Children's consent to treatment: using a scale to assess degree of self-determination

I Runeson, G Elander, Göran Hermerén, Inger Hallström

Research output: Contribution to journalArticlepeer-review


Discussion and debate regarding decision-making that is 'in the best interest of the child' and that also considers the child's voice in these decisions have increased in recent years. A study was undertaken to identify everyday situations in medical and nursing care in which children had been allowed to have a voice or been denied the right. Twenty-six hospitalized children, ages 6 to 17 years, and 21 parents were interviewed concerning their experiences with hospitalization. The interviews contained examples of 100 situations in which the children could have had a say in decisions concerning their care and treatment. An instrument describing five levels of self-determination was used to analyze the situations. The results showed that there are situations in the daily care of children who are hospitalized where it is possible to discuss the degree of self-determination of the child. To different degrees, staff members honored children's choices in questions concerning their own health.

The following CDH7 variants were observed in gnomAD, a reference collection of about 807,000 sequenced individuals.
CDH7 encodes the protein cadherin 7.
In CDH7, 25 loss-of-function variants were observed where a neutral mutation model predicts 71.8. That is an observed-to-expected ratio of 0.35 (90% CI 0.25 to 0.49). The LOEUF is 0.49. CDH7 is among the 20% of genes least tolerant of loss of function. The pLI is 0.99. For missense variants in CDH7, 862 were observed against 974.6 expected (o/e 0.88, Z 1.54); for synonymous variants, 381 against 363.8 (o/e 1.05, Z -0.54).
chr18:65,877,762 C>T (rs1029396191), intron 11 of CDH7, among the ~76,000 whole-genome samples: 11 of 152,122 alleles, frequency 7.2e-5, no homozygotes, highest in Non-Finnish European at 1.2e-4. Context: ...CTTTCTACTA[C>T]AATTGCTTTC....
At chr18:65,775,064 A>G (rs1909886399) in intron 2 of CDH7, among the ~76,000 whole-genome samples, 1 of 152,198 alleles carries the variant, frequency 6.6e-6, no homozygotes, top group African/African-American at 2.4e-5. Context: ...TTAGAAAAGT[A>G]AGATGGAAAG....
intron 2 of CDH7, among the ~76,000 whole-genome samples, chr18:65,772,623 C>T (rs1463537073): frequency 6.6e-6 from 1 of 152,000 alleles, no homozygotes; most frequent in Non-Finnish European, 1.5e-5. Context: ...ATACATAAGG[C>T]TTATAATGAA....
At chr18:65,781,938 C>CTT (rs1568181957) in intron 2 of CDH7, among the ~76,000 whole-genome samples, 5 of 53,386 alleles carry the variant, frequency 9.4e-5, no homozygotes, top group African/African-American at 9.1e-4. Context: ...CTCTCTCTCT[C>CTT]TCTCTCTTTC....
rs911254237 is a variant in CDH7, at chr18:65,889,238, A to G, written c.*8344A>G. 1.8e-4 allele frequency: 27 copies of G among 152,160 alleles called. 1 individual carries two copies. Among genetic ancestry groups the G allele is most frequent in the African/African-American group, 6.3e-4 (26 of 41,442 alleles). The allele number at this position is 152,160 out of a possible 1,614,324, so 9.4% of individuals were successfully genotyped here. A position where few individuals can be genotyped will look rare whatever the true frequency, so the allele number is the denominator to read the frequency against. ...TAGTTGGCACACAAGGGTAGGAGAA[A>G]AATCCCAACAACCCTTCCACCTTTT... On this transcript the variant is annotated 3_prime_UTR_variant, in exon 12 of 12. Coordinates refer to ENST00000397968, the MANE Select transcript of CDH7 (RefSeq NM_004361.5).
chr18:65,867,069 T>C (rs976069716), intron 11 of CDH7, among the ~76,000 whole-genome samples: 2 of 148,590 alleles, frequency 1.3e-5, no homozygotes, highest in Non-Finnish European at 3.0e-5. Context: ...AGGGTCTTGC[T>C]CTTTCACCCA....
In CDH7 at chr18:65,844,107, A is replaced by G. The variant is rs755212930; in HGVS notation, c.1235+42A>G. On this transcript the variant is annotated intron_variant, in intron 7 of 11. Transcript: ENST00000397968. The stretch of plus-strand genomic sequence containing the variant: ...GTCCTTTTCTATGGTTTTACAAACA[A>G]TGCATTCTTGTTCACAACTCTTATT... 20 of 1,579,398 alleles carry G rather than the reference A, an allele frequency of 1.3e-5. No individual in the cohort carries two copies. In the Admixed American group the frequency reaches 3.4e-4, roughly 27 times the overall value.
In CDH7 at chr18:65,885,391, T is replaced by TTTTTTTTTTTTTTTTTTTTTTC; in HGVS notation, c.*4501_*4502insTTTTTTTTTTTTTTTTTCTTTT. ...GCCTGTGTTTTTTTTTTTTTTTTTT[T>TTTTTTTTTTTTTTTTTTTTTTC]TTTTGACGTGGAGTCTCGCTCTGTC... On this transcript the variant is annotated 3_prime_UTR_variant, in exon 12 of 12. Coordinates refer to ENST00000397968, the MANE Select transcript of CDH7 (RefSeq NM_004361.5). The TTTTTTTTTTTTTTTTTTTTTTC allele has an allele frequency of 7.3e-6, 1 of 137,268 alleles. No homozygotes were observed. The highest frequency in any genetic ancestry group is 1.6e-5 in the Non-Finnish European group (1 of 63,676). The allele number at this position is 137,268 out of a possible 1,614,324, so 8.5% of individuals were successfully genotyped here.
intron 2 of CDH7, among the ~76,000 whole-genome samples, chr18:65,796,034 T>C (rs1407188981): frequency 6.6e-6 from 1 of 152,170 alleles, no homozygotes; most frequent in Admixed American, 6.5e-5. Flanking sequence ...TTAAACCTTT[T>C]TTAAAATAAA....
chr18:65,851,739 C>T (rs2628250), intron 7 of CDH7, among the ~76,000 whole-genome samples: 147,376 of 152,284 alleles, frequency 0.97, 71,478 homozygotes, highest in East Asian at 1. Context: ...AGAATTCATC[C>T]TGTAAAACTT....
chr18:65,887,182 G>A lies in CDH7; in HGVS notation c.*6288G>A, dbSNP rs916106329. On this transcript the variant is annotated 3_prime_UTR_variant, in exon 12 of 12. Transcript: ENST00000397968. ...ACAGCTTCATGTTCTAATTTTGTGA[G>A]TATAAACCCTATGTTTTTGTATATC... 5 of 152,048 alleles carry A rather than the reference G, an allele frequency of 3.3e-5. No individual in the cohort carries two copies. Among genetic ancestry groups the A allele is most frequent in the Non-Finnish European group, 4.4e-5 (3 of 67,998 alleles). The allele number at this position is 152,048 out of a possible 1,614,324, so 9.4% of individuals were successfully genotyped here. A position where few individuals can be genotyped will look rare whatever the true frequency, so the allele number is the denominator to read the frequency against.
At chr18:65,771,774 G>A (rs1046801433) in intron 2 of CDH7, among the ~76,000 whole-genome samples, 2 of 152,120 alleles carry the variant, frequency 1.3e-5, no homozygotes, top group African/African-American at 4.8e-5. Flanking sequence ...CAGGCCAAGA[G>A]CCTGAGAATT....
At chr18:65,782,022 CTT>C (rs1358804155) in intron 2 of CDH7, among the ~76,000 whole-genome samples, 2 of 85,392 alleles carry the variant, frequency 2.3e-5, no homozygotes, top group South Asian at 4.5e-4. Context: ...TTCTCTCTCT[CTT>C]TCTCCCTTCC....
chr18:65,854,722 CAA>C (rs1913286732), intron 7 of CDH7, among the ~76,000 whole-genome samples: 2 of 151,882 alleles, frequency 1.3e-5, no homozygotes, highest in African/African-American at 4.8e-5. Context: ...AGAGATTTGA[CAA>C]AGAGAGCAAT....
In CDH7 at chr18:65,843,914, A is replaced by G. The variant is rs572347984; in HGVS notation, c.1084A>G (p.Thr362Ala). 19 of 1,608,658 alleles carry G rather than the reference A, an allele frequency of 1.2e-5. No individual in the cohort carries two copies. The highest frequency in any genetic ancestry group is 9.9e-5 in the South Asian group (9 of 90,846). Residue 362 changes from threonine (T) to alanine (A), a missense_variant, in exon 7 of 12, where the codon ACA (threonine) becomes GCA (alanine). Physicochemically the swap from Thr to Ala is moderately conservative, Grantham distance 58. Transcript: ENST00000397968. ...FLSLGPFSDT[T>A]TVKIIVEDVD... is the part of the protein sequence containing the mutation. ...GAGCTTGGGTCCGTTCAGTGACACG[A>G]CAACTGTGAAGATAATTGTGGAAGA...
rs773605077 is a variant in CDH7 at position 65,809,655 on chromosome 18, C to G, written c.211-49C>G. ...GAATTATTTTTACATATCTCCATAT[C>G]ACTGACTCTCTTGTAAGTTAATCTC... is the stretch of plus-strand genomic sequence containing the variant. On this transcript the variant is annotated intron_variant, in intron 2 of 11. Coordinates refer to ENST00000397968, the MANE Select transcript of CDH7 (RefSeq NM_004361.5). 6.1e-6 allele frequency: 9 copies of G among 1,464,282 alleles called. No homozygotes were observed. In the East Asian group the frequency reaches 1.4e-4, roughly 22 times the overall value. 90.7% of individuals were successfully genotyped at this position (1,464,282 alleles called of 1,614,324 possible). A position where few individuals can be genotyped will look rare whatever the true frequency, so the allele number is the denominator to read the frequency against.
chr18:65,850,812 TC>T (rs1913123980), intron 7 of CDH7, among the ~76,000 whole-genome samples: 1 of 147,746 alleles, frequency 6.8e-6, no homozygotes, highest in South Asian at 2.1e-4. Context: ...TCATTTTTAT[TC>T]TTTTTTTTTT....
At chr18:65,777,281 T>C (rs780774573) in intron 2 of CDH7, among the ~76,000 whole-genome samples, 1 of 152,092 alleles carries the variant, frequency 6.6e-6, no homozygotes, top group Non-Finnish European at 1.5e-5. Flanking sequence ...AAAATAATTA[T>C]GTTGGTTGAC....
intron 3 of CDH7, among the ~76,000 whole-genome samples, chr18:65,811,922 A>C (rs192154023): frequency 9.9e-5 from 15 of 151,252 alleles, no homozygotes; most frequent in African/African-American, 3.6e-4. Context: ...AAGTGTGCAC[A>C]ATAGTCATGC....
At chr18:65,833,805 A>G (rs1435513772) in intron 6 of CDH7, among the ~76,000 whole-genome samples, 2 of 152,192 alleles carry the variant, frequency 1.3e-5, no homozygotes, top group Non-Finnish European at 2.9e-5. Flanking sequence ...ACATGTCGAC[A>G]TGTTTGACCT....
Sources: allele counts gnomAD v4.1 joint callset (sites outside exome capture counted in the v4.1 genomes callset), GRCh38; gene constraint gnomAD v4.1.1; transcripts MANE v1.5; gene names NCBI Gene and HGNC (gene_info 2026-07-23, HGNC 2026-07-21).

Original languageEnglish
Pages (from-to)455
JournalPediatric nursing
Issue number5
Publication statusPublished - 2000

Bibliographical note

The information about affiliations in this record was updated in December 2015.
The record was previously connected to the following departments: Division of Nursing (Closed 2012) (013065000), Department of Medical Ethics (013230023)

Subject classification (UKÄ)

  • Medical Ethics
  • Nursing


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